The book for last week was The Men Who Stare at Goats. This was quite a departure from my previous post about winning friends and influencing people. This was a journalistic account of what could be described as Omfg I can't believe that the U.S. government paid for this and has a hard time passing a health care bill.
The Men Who Stare at Goats, is the story of the First Earth Battalion, that was an army unit that sought to develop psychic skills to help make U.S. soldiers a kind of Jedi force. I believe that in Korea I have developed a kind of Jedi asshole power for ignoring people. It comes as second nature to me now after honing my skills by not acknowledging any stranger that says "hi, where are you from?"
I have seen how hurtful this power can be and I am trying to get over using it so casually. That is part of the reason why I read How to Win Friends and Influence People. My over use of the power hasn't made me any money, nor has it made me any friends or won me any sympathy, but more on that later.
Today I was in Jinju's E-mart. E-mart is a place that plants the seed of anger in my stomach. I usually can't stand to stay in E-mart for much more than a half hour, or else I want to start hurting people . I find E-mart to be such a problematic place because on busy days it is usually full of people who bring their children and don't pay attention to them.
And on the subject of not paying attention to other people in public I find E-mart to be the type of place that can be grating on the average non-Korean, because Koreans can seem like they don't see you if you are not someone that they know. When in E-mart or in a busy place, I still get culture shock by the way people get in the way, cut in front, or walk straight at while looking in your direction and not altering their course at all, and seemingly not even seeing a person or object in front of them.
An example of this happened to me last week in home plus. I was walking by one of those food sample kiosks. A lady and her kids were pushing a cart my direction so I got out of the way. I thought that my getting out of her way was obvious, but she decided to stop and block me in with her cart and eat one of the samples. What had happened was that she did not see me and ended up trapping me in a small cart prison for a few seconds.
These small occurrences make me want to scream when I am in a place like Home plus or E-mart, but I have to say that E-mart is the worst. I rarely go there because I hate it so much for this type of behaviour.
But today I left E-mart regretting that I had used my Jedi asshole powers on an old guy who seemed like he wanted to strike up a conversation.
I was standing in line being vigilant not to get cut in line by an old lady when an old guy approached an looked in my shopping basket. He wasn't talking very loudly but was obviously trying to engage me in a conversation. In this instance I should have been civil and talked to him, but instead I rolled my eyes and looked a different direction.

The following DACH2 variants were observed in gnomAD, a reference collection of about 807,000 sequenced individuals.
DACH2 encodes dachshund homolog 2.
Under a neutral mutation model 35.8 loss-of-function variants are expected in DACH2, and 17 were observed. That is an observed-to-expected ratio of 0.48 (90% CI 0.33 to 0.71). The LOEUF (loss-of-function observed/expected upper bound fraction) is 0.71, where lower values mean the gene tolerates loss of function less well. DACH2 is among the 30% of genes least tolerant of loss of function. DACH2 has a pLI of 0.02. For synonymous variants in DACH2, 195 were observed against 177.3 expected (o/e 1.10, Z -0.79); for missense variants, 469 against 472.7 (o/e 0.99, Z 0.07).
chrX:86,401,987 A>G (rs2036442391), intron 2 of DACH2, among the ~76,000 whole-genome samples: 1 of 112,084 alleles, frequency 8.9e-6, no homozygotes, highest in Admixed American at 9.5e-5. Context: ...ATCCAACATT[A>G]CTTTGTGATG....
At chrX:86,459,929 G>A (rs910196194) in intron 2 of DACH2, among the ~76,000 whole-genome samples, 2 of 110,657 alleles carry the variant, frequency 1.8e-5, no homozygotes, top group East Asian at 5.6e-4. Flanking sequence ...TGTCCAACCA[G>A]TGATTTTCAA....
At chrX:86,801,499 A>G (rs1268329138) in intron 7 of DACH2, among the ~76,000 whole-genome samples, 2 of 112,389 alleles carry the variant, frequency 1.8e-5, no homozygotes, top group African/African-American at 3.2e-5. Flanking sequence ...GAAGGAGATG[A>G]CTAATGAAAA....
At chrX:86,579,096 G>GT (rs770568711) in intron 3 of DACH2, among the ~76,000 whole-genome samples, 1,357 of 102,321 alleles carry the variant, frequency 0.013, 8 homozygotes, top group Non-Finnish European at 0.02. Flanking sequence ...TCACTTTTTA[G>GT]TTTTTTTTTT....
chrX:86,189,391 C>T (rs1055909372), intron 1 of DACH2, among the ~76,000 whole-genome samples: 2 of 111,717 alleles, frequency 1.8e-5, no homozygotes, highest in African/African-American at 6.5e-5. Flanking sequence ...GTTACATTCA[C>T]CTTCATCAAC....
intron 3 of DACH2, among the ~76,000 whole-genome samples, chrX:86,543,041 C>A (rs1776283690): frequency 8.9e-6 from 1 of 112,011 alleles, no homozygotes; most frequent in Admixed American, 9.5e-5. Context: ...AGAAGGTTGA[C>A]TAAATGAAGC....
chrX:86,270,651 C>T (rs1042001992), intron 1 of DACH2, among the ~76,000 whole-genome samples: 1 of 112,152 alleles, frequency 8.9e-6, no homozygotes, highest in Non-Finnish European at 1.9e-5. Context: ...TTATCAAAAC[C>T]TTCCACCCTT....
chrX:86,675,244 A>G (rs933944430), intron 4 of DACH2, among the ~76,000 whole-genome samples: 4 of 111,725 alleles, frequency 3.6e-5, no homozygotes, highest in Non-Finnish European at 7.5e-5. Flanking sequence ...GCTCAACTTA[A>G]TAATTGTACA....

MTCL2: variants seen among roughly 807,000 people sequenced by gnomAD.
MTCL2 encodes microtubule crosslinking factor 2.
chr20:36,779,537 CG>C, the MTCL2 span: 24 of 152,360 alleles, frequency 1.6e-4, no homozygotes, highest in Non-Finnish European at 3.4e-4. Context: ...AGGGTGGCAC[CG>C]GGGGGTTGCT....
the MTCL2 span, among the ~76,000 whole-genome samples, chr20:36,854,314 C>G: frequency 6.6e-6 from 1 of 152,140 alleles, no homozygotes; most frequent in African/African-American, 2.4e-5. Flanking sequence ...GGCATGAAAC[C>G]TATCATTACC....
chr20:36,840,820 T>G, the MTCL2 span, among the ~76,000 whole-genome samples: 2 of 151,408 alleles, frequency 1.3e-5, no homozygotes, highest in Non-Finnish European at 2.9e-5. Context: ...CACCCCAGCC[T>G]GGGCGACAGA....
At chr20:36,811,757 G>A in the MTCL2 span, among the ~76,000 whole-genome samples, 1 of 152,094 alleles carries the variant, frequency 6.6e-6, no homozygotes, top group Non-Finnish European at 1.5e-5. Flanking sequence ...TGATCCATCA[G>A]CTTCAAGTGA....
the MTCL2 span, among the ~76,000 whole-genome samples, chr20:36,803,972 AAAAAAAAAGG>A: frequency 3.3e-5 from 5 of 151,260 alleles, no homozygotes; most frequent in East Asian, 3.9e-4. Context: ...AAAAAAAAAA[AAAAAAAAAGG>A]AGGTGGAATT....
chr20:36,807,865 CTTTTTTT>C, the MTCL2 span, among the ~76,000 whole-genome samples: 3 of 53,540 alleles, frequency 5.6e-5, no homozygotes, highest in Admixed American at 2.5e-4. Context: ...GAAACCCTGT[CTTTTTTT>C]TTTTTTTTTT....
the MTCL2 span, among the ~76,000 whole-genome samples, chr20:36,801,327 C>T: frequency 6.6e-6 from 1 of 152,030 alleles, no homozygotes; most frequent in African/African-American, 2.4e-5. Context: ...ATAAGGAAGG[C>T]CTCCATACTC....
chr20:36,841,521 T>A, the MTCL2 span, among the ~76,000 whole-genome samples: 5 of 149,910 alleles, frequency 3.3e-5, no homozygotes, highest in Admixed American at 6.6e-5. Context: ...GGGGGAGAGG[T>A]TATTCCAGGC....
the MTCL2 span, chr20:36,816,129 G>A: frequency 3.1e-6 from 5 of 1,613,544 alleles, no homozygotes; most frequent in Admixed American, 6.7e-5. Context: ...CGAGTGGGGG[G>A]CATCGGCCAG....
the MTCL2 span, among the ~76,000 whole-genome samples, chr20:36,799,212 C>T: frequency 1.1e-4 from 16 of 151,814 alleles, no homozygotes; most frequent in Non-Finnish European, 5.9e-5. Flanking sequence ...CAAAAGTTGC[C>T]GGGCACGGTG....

I think the First Earth Battalion would have called that projection of heightened annoyance, because the guy apologized and left, but I realized that I had hurt him and I felt bad about that. I think this type of attitude has it's place, but not always. Religious missionaries can be dealt with in this manor, kids can be dealt with in this manor. (It depends on the kids though, I don't recommend doing this often. Korean parents seem to want their kids to not be afraid of talking with people from other countries, but it seems that many don't instruct their kids in the dangers of talking to strangers. I used to ignore kids because I believed that they shouldn't talk to strangers or try to bother people on the street, but I realized after a while that I was doing it just to be mean, so I am trying to quit.)
At any rate, I think the non-Korean person in Korea can expect to be ignored in the sense that people won't see or care about them in the way that Korean people do to other Korean people. In the way that kids don't look both ways before crossing the street, or in the way that people cut in front of others without saying excuse me, (Usually I here excuse me in a piercing tone of voice that is to inform me that I'm doing something wrong, or that my back pack is unzipped, or it is a prelude to a conversation that is punctuated with the phrase "Is my speak correct," punctuated so many times with "Is my speak correct," that communication isn't achieved at all.) so when a Korean person does acknowledge a non-Korean, it may feel like they are trying to get a free English lesson, but then again, they might just be lonely old people looking for a sympathetic ear.